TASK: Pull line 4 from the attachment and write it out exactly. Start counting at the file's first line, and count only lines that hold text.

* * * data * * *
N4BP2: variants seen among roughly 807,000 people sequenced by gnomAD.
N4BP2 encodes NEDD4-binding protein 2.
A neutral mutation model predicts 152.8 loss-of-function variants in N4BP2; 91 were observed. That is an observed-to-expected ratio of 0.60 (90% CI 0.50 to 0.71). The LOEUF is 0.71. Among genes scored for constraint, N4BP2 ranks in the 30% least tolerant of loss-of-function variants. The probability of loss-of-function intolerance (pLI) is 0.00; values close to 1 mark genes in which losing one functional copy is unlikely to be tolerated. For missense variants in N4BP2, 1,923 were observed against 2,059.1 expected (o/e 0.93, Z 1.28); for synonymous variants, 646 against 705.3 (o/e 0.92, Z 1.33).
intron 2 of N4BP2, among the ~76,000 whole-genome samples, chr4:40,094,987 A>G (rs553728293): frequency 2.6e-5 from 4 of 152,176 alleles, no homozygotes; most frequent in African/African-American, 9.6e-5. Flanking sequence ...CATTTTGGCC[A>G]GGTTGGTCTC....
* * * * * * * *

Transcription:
intron 2 of N4BP2, among the ~76,000 whole-genome samples, chr4:40,094,987 A>G (rs553728293): frequency 2.6e-5 from 4 of 152,176 alleles, no homozygotes; most frequent in African/African-American, 9.6e-5. Flanking sequence ...CATTTTGGCC[A>G]GGTTGGTCTC....